There was an interesting article I saw a while ago that suggested that people are far too busy these days to put up with the standard presentation of present the background, show the dilemma, propose options, choose solution.  The author instead proposed that presentations should give the problem first, how it affects the project, what’s the corrective action, then provide the background.  

    Ahh…there’s the link:


  3. Paul Williams says:

    "Net net" is gross, gross.

    (Sorry, couldn’t help myself.)

  4. CatCube says:

    This sound like it’s similar to the Armyspeak of BLUF (pronounced "bluff") for "Bottom Line Up Front"  It’s used at the beginning of the document in front of a one-sentence to one-paragraph long summary so busy senior leaders don’t always (ever?) have to read the whole thing.

  5. Aaron says:

    I’ve seen something similar in source-code comments.   Coders will write // BUG BUG, or // HACK HACK, to make it easy to search for.   That way, you can write a comment that casually mentions the word "bug", but someone who wants to search for known, precise, descriptive cases of bugs will search for "BUG BUG".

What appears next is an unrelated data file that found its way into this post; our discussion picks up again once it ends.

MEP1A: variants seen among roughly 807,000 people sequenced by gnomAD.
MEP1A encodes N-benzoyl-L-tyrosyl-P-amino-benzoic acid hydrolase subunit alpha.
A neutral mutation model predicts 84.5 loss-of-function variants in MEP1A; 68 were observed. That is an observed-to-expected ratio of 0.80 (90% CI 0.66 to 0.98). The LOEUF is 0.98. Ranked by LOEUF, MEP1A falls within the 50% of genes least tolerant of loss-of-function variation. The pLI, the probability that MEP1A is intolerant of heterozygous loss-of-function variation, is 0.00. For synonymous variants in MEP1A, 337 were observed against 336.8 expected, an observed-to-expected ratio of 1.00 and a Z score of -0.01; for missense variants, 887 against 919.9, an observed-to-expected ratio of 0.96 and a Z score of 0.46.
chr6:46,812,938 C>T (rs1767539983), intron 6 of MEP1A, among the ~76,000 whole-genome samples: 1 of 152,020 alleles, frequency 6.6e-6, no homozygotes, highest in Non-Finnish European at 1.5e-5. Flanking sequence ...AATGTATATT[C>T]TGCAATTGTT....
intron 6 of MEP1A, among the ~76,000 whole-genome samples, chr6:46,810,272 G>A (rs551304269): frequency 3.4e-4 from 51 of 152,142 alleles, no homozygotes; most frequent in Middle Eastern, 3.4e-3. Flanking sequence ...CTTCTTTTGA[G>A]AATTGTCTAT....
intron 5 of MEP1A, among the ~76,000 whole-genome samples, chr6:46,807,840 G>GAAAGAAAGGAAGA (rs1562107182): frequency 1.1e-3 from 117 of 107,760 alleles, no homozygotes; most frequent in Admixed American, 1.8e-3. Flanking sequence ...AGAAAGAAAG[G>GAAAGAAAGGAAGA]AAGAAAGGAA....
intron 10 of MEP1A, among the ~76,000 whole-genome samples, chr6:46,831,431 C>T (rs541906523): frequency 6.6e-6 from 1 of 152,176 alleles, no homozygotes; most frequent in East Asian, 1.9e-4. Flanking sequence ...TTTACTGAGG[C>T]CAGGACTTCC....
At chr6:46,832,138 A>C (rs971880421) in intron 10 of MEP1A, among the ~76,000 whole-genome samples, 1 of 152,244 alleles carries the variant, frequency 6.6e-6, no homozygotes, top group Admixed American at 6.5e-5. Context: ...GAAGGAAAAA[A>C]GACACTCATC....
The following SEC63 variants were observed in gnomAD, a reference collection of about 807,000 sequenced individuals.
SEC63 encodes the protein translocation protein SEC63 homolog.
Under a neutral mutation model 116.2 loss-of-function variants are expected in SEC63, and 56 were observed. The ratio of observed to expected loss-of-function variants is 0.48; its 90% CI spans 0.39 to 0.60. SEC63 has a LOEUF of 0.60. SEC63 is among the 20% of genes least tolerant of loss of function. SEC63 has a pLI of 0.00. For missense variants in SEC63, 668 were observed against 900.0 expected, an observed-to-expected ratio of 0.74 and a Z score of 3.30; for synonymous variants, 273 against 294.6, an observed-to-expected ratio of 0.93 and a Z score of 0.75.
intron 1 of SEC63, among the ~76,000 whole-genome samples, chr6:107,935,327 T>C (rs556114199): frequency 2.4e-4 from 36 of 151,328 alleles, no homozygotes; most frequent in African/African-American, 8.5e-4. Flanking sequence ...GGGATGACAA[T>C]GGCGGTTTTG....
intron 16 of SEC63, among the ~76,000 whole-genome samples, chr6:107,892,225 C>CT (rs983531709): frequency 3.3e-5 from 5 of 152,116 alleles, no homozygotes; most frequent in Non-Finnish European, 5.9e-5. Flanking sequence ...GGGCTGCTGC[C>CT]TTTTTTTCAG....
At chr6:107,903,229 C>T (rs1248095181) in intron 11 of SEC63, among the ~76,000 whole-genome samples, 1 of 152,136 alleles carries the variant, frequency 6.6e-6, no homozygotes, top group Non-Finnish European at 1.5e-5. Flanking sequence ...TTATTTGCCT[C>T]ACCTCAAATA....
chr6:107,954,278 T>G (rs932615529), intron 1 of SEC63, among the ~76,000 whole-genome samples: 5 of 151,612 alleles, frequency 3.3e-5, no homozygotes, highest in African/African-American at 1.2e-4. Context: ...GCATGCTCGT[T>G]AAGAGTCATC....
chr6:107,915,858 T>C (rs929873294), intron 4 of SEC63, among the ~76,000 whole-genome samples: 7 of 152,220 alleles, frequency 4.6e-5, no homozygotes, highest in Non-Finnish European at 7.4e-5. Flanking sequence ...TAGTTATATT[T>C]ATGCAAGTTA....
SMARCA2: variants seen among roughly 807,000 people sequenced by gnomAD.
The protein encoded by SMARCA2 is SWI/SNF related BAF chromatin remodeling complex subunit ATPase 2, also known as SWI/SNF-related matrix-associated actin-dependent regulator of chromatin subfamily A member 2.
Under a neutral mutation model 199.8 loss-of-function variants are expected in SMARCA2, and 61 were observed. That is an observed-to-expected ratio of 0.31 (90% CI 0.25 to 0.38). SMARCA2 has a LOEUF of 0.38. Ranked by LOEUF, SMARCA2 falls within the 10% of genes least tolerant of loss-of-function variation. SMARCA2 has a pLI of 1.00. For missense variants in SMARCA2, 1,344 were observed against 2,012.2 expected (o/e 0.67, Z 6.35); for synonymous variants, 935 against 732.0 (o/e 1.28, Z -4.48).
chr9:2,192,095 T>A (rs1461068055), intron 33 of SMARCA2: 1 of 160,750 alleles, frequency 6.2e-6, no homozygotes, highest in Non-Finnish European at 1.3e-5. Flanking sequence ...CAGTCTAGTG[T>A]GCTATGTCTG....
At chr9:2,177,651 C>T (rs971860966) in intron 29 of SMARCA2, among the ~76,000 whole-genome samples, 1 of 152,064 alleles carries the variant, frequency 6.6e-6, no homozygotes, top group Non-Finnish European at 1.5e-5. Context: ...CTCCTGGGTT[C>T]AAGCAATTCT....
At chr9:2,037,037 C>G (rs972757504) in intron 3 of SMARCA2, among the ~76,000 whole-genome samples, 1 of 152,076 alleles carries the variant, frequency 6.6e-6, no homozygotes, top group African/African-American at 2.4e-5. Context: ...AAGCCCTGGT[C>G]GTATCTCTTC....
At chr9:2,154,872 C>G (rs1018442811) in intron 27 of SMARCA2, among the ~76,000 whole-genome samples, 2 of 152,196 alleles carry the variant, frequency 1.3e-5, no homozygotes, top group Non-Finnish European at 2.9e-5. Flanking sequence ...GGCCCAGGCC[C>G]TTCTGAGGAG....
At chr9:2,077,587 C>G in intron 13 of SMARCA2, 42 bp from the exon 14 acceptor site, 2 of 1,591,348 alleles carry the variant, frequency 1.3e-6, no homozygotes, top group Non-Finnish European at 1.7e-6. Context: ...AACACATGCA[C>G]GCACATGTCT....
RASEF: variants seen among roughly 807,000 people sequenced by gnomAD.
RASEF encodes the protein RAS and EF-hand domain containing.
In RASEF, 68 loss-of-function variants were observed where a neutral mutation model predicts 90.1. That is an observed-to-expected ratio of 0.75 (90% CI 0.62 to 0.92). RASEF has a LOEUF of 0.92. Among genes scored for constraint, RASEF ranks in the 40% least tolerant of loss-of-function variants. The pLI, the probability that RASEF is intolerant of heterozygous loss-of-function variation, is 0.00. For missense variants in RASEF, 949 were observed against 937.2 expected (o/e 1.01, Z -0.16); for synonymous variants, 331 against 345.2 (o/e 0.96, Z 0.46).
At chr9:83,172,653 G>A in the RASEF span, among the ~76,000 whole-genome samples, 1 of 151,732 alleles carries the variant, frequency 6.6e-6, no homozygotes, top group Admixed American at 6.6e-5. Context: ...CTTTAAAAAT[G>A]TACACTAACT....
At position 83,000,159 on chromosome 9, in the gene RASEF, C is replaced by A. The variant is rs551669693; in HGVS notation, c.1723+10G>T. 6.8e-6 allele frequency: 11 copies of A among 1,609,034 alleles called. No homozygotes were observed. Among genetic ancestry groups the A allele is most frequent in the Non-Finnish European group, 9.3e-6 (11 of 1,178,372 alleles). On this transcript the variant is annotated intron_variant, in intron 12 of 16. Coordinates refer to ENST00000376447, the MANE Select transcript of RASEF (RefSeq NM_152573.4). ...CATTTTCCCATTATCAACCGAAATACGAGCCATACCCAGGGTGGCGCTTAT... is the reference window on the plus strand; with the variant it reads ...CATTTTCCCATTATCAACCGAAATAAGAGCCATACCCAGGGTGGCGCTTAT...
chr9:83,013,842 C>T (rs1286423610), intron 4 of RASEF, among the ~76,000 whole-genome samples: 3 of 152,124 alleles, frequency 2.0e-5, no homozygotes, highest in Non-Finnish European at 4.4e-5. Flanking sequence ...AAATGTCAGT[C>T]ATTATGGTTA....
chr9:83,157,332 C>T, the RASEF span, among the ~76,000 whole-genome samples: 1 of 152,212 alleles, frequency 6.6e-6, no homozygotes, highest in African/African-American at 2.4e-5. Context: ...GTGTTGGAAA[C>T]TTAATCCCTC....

One advantage of "Net net" is that an impatient recipient can search for just that phrase and get the bottom line quickly.

  6. Matthew says:

    @Aaron – While the doubling of comment markers serves a legitimate purpose (I myself do it often, especially for marking temporary testing code), it isn’t quite parallel to something like "net net".

    Code comments are placed throughout the text, while bottom-line points ("net net") will almost always be placed either before or after the descriptive text – and generally separated from other text by whitespace. Such presentation makes searching for a specific keyword unnecessary.